Tennessee’s timing isn’t the best. Ticket-sale revenue is headed south at a time when travel expenses in an expanded SEC are headed north.
At least that’s what I took from the athletic budget explanation at Wednesday’s UT board of trustees meeting.
The five-year change in ticket revenue from 2010 to a projected 2014 is a negative 18.1 percent. That’s a lot of empty seats, primarily at Neyland Stadium.
In that same five years, travel expenses are up by 20 percent. One of the reasons listed by Bill Myers, the athletic department chief financial officer, is travel to Missouri and Texas A&M, the far-flung new outposts in the SEC.
Myers said UT travel to A&M and Mizzou added between $750,000 and $1 million to the travel budget this past year.
For now, the SEC football schedule is holding at eight games. I’m not sure how traveling to Texas A&M or Mizzou is more expensive than traveling to Arkansas or LSU.
Expansion did mean expanding the SEC basketball schedule from 16 to 18 games. I suppose that’s at least one road game taking the place of a home game against Gardner-Webb.
Myers also made a point that hadn’t occurred to me. Columbia, Mo., and College Station, Texas, are not exactly international air hubs. A quick turnaround to get in and out to, say, Starkville, can necessitate chartering instead of flying commercial and that’s expensive.
In the long run, having Texas A&M and Missouri on board will fatten UT’s checking account. Their lucrative TV markets were the only reason to expand in the first place.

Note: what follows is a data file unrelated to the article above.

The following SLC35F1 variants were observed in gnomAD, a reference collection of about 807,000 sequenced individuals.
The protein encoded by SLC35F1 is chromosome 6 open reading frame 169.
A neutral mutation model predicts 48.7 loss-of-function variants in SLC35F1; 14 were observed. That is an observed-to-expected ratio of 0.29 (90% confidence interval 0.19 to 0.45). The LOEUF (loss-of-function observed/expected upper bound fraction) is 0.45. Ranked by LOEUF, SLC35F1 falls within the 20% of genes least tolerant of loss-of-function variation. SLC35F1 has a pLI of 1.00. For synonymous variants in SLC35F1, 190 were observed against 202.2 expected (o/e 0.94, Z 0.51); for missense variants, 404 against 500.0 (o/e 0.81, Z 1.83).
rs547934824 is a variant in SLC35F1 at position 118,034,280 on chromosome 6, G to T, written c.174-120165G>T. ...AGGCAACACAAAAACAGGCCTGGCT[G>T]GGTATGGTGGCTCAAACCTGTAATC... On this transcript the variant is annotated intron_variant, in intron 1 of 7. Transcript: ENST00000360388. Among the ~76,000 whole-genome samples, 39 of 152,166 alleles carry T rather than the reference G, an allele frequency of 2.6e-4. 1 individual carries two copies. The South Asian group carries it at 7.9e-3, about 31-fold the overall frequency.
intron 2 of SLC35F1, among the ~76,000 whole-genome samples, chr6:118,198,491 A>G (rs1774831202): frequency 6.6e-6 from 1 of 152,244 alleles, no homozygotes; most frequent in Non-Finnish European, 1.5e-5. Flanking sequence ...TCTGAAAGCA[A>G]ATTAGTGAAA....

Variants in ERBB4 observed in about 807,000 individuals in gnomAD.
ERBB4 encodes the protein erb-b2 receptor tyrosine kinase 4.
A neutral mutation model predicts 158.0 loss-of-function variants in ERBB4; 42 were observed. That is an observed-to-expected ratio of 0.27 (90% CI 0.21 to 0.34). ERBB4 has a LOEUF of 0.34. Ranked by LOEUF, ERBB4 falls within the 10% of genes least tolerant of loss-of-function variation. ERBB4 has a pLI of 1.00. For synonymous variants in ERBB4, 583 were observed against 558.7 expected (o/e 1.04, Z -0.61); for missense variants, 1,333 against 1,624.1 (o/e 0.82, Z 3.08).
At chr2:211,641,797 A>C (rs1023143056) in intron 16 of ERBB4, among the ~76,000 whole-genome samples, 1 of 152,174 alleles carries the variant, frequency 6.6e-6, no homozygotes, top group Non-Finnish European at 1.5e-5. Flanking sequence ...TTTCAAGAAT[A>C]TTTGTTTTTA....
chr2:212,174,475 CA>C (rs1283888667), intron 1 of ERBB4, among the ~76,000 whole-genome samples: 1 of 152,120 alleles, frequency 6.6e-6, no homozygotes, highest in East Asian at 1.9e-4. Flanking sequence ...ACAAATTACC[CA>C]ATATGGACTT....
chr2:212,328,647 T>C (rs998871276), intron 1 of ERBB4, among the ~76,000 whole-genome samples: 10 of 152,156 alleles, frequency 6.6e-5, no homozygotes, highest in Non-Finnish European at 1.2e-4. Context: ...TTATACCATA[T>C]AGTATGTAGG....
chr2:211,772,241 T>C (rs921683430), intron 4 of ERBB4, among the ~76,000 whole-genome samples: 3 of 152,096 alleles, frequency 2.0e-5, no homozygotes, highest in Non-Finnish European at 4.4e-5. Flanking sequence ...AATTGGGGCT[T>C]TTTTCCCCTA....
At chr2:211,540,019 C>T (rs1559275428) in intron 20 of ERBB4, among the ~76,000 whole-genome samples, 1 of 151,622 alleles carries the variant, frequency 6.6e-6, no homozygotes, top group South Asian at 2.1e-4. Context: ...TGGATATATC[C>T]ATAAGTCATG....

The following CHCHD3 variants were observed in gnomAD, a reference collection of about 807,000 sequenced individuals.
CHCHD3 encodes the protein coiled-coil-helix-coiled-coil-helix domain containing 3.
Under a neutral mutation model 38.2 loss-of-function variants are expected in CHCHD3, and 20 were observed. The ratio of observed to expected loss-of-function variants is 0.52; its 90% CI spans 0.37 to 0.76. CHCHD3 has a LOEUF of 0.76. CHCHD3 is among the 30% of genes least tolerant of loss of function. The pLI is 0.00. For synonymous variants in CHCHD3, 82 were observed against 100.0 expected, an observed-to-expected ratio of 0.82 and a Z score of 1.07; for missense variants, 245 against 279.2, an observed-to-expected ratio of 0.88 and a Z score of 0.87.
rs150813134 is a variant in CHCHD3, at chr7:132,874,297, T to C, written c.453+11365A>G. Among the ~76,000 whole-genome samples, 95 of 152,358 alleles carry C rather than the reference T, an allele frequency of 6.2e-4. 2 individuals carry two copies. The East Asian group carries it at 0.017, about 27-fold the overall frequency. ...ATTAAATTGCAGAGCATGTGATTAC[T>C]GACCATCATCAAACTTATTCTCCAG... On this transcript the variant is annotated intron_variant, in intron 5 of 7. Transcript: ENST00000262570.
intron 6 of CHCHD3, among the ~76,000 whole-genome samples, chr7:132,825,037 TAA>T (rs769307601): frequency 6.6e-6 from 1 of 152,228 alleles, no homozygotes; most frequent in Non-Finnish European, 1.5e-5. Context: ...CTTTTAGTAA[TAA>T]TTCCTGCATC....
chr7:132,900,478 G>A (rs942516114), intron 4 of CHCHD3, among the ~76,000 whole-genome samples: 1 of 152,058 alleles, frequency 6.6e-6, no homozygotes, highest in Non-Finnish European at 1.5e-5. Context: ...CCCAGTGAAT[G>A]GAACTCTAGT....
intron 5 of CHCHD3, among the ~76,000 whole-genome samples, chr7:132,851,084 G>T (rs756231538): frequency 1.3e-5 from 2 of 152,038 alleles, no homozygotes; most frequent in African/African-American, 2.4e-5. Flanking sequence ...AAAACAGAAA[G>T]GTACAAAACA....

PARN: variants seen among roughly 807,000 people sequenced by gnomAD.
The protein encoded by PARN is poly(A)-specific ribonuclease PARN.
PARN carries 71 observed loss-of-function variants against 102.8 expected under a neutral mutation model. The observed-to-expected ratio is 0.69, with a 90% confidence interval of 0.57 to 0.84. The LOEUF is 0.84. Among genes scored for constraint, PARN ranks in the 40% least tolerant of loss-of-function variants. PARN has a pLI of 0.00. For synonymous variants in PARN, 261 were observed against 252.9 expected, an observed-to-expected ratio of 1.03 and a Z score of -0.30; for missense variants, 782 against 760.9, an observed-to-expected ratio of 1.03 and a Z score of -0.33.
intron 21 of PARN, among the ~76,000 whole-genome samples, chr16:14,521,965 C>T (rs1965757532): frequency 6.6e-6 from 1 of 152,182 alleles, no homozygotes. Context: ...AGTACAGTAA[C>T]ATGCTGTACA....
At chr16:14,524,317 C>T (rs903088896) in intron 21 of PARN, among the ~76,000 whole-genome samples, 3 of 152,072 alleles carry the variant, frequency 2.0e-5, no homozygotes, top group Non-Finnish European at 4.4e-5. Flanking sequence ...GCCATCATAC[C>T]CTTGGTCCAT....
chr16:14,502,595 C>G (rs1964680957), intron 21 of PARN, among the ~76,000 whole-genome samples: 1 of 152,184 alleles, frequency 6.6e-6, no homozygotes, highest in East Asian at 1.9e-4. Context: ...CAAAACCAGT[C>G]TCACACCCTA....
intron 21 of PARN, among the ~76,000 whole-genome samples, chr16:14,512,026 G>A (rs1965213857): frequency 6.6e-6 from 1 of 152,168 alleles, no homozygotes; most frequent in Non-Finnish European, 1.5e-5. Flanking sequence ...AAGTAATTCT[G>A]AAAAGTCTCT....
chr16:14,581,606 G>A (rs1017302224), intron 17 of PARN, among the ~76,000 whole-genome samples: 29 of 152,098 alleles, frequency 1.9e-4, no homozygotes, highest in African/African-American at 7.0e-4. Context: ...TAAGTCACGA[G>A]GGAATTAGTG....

The SEC distributed $20.7 million per school in TV loot this spring. That bonanza will grow significantly when the new SEC network with ESPN comes on line next year.
For now, though, Tennessee fans have a right to wonder if expansion has been good or bad for the Vols in the short term.
Last fall, they had to stomach a blown lead in the final minute at Neyland Stadium that led to a four-overtime loss to Missouri. That proved to be the difference in not qualifying for a bowl.
On the other hand they were spared playing the Aggies. Can you imagine that defense chasing Johnny Football all afternoon?
Men’s basketball earned a rousing four-overtime win at Texas A&M in February and beat Missouri here on Senior Day. It still didn’t get the Vols off the
bubble into the NCAA tournament.
The softball team lost an SEC regular-season title on a miserable, tough-luck weekend at Missouri but recovered to almost win a national title.
Going forward, both additions will give Tennessee all it wants on the playing fields and courts. The toughest conference got tougher.
The Aggies were a force in their maiden voyage, winning a couple of SEC titles and a Heisman trophy. The Tigers won’t be competing for championships in every sport but they’re UT’s peer in most cases.
That’s certainly the case in that most critical arena, football. It wouldn’t be a stretch to find that Nov. 2 in Columbia again determines whether the Vols go bowling or not.
As for the budgetary bottom line, the travel expenses are here to stay. The thing Tennessee can do something about is ticket sales.
Mike Strange may be reached at firstname.lastname@example.org. Follow him on Twitter at Strangemike44.